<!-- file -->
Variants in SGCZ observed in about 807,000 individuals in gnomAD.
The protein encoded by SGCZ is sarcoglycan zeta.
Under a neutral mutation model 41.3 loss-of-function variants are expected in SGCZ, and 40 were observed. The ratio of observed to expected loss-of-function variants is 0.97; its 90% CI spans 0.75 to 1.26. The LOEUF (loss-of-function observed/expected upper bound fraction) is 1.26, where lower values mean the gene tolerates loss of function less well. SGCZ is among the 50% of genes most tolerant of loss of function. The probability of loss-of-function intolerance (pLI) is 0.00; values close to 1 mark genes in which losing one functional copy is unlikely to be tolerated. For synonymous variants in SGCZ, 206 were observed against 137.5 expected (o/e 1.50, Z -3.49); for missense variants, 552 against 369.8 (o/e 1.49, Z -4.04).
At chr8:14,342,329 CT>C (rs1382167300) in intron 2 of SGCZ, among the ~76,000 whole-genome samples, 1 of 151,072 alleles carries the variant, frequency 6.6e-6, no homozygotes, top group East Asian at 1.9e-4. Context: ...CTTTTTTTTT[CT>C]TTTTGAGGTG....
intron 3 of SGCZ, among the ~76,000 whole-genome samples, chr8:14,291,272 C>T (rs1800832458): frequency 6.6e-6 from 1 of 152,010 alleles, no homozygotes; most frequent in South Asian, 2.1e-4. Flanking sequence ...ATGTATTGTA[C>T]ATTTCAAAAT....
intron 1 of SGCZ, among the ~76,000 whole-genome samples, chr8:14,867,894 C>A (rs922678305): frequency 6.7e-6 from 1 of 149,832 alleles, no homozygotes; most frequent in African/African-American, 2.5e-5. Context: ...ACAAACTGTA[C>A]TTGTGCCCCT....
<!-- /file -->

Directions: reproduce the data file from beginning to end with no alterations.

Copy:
Variants in SGCZ observed in about 807,000 individuals in gnomAD.
The protein encoded by SGCZ is sarcoglycan zeta.
Under a neutral mutation model 41.3 loss-of-function variants are expected in SGCZ, and 40 were observed. The ratio of observed to expected loss-of-function variants is 0.97; its 90% CI spans 0.75 to 1.26. The LOEUF (loss-of-function observed/expected upper bound fraction) is 1.26, where lower values mean the gene tolerates loss of function less well. SGCZ is among the 50% of genes most tolerant of loss of function. The probability of loss-of-function intolerance (pLI) is 0.00; values close to 1 mark genes in which losing one functional copy is unlikely to be tolerated. For synonymous variants in SGCZ, 206 were observed against 137.5 expected (o/e 1.50, Z -3.49); for missense variants, 552 against 369.8 (o/e 1.49, Z -4.04).
At chr8:14,342,329 CT>C (rs1382167300) in intron 2 of SGCZ, among the ~76,000 whole-genome samples, 1 of 151,072 alleles carries the variant, frequency 6.6e-6, no homozygotes, top group East Asian at 1.9e-4. Context: ...CTTTTTTTTT[CT>C]TTTTGAGGTG....
intron 3 of SGCZ, among the ~76,000 whole-genome samples, chr8:14,291,272 C>T (rs1800832458): frequency 6.6e-6 from 1 of 152,010 alleles, no homozygotes; most frequent in South Asian, 2.1e-4. Flanking sequence ...ATGTATTGTA[C>T]ATTTCAAAAT....
intron 1 of SGCZ, among the ~76,000 whole-genome samples, chr8:14,867,894 C>A (rs922678305): frequency 6.7e-6 from 1 of 149,832 alleles, no homozygotes; most frequent in African/African-American, 2.5e-5. Context: ...ACAAACTGTA[C>A]TTGTGCCCCT....